There is no need to learn to learn "Kanji" (logograms) to learn how to speak Japanese. You can easily learn to communicate in Japanese by pronouncing the "Romanji" (Latin alphabet) spellings of Japanese words that you can learn from any number of Romanji English<->Japanese dictionaries, plus by having a basic knowledge of simplified Japanese grammar.
But when really learning to speak Japanese without resorting to Kanji spellings you really must first learn by heart both the appearance and sounds of the 50+ characters Hiragana character set. By making that effort you will begin your study of Japanese just as every Japanese schoolchild does in their very first year of school. And must learn it completely before they will be allowed to leave first grade.
For study use, the 50+ Hiragana characters are arranged in a 5X10 table. The first row of the Hiragana table are the characters for the five Japanese vowel sounds -- (English A, I, U, E, O) -- in that order. The next and each subsequent row of the table is headed by the unvoiced consonants (English K,S,T,N,H,M,Y,H,W, and N,) in that order.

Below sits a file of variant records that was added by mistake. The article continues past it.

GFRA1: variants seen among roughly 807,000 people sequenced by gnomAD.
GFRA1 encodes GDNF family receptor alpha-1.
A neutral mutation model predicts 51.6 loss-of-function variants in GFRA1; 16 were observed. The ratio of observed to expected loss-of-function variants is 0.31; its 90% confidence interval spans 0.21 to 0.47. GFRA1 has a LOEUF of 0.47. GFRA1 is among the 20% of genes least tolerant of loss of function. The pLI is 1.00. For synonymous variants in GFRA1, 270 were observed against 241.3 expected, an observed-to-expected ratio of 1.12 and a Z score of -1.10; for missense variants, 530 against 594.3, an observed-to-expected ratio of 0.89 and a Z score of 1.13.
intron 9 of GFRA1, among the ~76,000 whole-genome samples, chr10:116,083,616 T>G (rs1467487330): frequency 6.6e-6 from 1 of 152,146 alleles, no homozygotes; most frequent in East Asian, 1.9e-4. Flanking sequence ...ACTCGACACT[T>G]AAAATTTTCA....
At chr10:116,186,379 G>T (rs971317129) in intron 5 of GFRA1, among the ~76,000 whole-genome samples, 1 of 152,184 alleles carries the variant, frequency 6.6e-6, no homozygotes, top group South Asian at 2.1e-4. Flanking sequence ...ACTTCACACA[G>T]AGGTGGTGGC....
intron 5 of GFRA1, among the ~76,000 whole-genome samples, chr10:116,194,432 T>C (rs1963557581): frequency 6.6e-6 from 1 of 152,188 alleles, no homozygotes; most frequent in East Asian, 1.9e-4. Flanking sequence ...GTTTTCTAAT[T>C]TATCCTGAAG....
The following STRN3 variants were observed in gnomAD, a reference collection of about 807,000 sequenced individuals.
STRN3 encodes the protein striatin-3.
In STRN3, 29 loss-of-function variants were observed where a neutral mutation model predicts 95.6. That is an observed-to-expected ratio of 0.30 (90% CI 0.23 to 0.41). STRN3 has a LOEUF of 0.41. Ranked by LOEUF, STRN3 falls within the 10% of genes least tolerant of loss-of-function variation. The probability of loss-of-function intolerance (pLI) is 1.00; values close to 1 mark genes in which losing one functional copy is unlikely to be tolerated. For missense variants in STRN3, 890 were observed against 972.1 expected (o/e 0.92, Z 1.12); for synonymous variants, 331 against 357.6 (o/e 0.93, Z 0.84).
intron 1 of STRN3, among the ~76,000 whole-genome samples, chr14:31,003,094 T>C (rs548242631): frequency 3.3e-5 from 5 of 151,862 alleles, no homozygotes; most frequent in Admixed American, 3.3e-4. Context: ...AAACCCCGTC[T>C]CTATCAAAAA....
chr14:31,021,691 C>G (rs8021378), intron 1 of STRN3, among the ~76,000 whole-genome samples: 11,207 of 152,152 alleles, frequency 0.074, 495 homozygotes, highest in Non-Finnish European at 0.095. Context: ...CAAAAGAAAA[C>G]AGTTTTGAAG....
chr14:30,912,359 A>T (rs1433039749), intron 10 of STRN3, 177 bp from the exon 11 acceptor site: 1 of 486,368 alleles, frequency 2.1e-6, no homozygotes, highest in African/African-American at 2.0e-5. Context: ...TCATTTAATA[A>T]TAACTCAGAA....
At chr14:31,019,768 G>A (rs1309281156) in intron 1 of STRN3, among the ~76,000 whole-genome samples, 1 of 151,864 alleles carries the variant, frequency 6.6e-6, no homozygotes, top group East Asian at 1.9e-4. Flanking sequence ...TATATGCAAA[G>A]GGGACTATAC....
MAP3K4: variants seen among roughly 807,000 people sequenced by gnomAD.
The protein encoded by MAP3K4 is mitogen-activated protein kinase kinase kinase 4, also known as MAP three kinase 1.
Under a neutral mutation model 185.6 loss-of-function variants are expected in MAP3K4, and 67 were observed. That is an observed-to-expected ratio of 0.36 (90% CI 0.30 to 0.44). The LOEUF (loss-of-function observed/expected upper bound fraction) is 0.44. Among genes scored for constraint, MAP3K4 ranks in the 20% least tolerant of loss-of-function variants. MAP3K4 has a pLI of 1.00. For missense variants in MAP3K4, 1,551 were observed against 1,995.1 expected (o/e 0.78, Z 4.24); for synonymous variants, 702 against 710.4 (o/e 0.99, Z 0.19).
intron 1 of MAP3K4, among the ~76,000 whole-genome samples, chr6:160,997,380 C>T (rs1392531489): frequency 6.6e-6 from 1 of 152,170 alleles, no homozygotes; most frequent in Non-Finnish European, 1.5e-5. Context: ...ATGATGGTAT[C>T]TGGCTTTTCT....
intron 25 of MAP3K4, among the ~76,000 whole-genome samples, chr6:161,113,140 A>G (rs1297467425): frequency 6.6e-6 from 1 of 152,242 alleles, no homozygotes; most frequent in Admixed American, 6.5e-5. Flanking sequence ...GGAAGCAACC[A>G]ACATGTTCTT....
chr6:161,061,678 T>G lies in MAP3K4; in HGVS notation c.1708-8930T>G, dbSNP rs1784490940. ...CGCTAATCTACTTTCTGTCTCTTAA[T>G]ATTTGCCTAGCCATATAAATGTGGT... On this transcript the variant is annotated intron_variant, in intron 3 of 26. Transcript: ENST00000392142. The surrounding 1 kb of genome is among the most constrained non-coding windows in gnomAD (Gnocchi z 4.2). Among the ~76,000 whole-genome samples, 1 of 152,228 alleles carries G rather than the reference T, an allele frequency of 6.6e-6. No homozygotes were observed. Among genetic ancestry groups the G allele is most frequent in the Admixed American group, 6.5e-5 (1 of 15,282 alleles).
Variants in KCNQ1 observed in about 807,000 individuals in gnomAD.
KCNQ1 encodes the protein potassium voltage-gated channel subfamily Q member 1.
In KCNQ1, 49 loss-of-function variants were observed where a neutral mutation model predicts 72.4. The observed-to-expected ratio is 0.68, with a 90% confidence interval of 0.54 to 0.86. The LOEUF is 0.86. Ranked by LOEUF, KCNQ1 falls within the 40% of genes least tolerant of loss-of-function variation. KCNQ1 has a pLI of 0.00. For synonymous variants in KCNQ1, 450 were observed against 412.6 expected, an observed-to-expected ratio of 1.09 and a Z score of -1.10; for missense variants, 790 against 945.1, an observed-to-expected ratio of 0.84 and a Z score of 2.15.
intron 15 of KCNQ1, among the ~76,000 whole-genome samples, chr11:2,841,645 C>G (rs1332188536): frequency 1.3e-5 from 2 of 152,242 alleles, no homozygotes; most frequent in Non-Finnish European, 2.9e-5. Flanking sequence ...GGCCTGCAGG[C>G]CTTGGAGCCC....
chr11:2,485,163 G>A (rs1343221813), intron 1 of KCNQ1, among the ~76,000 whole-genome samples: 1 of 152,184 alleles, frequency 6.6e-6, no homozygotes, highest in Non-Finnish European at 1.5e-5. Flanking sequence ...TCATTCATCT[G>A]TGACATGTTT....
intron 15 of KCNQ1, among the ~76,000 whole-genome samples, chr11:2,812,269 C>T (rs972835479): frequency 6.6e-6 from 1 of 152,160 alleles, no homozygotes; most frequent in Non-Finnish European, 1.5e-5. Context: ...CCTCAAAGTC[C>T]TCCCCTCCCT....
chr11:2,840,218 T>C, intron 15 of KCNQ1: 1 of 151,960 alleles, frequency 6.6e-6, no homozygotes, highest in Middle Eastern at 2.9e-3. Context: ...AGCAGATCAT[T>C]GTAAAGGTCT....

In the body of the table each cell in a consonant's row shows the Hiragana character for the combined sound of the row's consonant and the column's vowel; that is, in reading across consonant "K"'s row of the table and down sequentially from each character in the vowel row the Hiragana character for that consonant+vowel combination will be "ka", "ki", "ku", "ke", "ko". That character/sound pattern continues for every consonant that heads the table's consonant rows.
This basic 5X10 Hiragana table of the unvoiced consonants can be supplemented by adding the sounds of the voiced consonants "K" (gah), "S" (zah), "T" (da ), "H1" (ba) and "H2" (pa), respectively in the appropriate rows.
The sounds of the Hiragana consonant-vowel table are the basic sounds of spoken Japanese. It is the spoken Japanese language which in most cases can be simply viewed as being an easily spoken series of consonant-vowel utterances ending with a verb. A wall chart is the best way to view and learn the contents of a Hiragana table.
If you find that pin-up/poster style Hiragana wall charts are difficult to find, you can see and order one from Amazon.com. Under the category "Home and Kitchen", search term "Hiragana chart"you will find a Hiragana chart that's printed on inexpensive pillow cases!
Be assured that if you master the Hiragana table you will be able to pronounce simple Japanese words and put them into sentences equally as well as any Japanese first-grade student can.
And do that without, in addition, having to learn "Kanji" characters.